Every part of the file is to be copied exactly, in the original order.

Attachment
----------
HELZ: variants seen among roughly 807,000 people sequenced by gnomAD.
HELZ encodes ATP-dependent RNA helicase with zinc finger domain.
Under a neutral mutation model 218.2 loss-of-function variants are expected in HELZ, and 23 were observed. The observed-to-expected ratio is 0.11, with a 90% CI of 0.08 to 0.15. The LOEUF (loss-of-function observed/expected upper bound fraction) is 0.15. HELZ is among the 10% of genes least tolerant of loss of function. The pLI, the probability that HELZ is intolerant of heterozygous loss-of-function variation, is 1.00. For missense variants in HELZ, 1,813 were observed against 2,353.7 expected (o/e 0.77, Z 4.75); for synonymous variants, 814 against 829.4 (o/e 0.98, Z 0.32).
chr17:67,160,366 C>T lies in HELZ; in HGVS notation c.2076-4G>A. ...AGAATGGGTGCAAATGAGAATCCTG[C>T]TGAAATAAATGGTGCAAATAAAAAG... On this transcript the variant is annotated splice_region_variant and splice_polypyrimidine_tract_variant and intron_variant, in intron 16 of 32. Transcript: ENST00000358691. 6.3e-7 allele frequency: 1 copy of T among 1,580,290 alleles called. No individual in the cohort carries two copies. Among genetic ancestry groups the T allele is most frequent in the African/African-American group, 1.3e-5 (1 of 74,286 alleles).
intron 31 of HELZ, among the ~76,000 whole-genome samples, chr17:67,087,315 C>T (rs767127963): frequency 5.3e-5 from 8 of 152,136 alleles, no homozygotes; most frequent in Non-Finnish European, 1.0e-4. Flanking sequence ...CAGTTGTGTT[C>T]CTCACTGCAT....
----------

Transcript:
HELZ: variants seen among roughly 807,000 people sequenced by gnomAD.
HELZ encodes ATP-dependent RNA helicase with zinc finger domain.
Under a neutral mutation model 218.2 loss-of-function variants are expected in HELZ, and 23 were observed. The observed-to-expected ratio is 0.11, with a 90% CI of 0.08 to 0.15. The LOEUF (loss-of-function observed/expected upper bound fraction) is 0.15. HELZ is among the 10% of genes least tolerant of loss of function. The pLI, the probability that HELZ is intolerant of heterozygous loss-of-function variation, is 1.00. For missense variants in HELZ, 1,813 were observed against 2,353.7 expected (o/e 0.77, Z 4.75); for synonymous variants, 814 against 829.4 (o/e 0.98, Z 0.32).
chr17:67,160,366 C>T lies in HELZ; in HGVS notation c.2076-4G>A. ...AGAATGGGTGCAAATGAGAATCCTG[C>T]TGAAATAAATGGTGCAAATAAAAAG... On this transcript the variant is annotated splice_region_variant and splice_polypyrimidine_tract_variant and intron_variant, in intron 16 of 32. Transcript: ENST00000358691. 6.3e-7 allele frequency: 1 copy of T among 1,580,290 alleles called. No individual in the cohort carries two copies. Among genetic ancestry groups the T allele is most frequent in the African/African-American group, 1.3e-5 (1 of 74,286 alleles).
intron 31 of HELZ, among the ~76,000 whole-genome samples, chr17:67,087,315 C>T (rs767127963): frequency 5.3e-5 from 8 of 152,136 alleles, no homozygotes; most frequent in Non-Finnish European, 1.0e-4. Flanking sequence ...CAGTTGTGTT[C>T]CTCACTGCAT....